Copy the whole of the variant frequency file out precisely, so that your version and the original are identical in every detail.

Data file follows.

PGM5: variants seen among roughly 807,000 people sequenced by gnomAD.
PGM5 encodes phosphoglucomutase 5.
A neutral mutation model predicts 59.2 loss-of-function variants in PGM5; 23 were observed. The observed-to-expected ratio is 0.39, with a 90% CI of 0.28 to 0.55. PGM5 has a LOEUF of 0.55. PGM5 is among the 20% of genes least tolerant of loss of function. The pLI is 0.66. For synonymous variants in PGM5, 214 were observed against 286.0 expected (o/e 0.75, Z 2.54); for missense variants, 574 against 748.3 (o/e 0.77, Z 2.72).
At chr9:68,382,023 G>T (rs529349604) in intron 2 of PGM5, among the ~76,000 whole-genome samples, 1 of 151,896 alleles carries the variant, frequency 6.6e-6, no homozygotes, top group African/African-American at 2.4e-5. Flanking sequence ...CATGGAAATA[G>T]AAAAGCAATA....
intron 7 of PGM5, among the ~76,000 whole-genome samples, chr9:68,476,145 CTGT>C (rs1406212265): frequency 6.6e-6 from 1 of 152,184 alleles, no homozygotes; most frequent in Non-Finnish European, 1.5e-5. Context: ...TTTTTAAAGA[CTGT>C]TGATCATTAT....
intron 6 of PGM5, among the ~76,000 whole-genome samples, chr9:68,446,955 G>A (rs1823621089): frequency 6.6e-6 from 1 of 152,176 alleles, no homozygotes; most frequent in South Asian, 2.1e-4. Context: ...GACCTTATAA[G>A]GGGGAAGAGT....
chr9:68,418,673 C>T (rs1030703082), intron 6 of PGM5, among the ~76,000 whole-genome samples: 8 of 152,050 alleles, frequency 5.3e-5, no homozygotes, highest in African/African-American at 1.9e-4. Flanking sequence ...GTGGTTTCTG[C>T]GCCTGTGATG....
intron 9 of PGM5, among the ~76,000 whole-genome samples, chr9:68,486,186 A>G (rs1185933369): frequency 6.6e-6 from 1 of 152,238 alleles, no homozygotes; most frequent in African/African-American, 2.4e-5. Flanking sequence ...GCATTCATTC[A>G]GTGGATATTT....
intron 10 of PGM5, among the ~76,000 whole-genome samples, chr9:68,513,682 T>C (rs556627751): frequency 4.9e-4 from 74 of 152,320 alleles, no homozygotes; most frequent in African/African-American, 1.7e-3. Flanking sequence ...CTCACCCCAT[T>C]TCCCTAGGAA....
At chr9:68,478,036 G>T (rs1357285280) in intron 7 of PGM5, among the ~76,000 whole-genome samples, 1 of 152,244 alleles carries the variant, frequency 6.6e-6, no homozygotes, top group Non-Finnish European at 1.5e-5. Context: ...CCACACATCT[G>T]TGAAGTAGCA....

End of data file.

PGM5: variants seen among roughly 807,000 people sequenced by gnomAD.
PGM5 encodes phosphoglucomutase 5.
A neutral mutation model predicts 59.2 loss-of-function variants in PGM5; 23 were observed. The observed-to-expected ratio is 0.39, with a 90% CI of 0.28 to 0.55. PGM5 has a LOEUF of 0.55. PGM5 is among the 20% of genes least tolerant of loss of function. The pLI is 0.66. For synonymous variants in PGM5, 214 were observed against 286.0 expected (o/e 0.75, Z 2.54); for missense variants, 574 against 748.3 (o/e 0.77, Z 2.72).
At chr9:68,382,023 G>T (rs529349604) in intron 2 of PGM5, among the ~76,000 whole-genome samples, 1 of 151,896 alleles carries the variant, frequency 6.6e-6, no homozygotes, top group African/African-American at 2.4e-5. Flanking sequence ...CATGGAAATA[G>T]AAAAGCAATA....
intron 7 of PGM5, among the ~76,000 whole-genome samples, chr9:68,476,145 CTGT>C (rs1406212265): frequency 6.6e-6 from 1 of 152,184 alleles, no homozygotes; most frequent in Non-Finnish European, 1.5e-5. Context: ...TTTTTAAAGA[CTGT>C]TGATCATTAT....
intron 6 of PGM5, among the ~76,000 whole-genome samples, chr9:68,446,955 G>A (rs1823621089): frequency 6.6e-6 from 1 of 152,176 alleles, no homozygotes; most frequent in South Asian, 2.1e-4. Context: ...GACCTTATAA[G>A]GGGGAAGAGT....
chr9:68,418,673 C>T (rs1030703082), intron 6 of PGM5, among the ~76,000 whole-genome samples: 8 of 152,050 alleles, frequency 5.3e-5, no homozygotes, highest in African/African-American at 1.9e-4. Flanking sequence ...GTGGTTTCTG[C>T]GCCTGTGATG....
intron 9 of PGM5, among the ~76,000 whole-genome samples, chr9:68,486,186 A>G (rs1185933369): frequency 6.6e-6 from 1 of 152,238 alleles, no homozygotes; most frequent in African/African-American, 2.4e-5. Flanking sequence ...GCATTCATTC[A>G]GTGGATATTT....
intron 10 of PGM5, among the ~76,000 whole-genome samples, chr9:68,513,682 T>C (rs556627751): frequency 4.9e-4 from 74 of 152,320 alleles, no homozygotes; most frequent in African/African-American, 1.7e-3. Flanking sequence ...CTCACCCCAT[T>C]TCCCTAGGAA....
At chr9:68,478,036 G>T (rs1357285280) in intron 7 of PGM5, among the ~76,000 whole-genome samples, 1 of 152,244 alleles carries the variant, frequency 6.6e-6, no homozygotes, top group Non-Finnish European at 1.5e-5. Context: ...CCACACATCT[G>T]TGAAGTAGCA....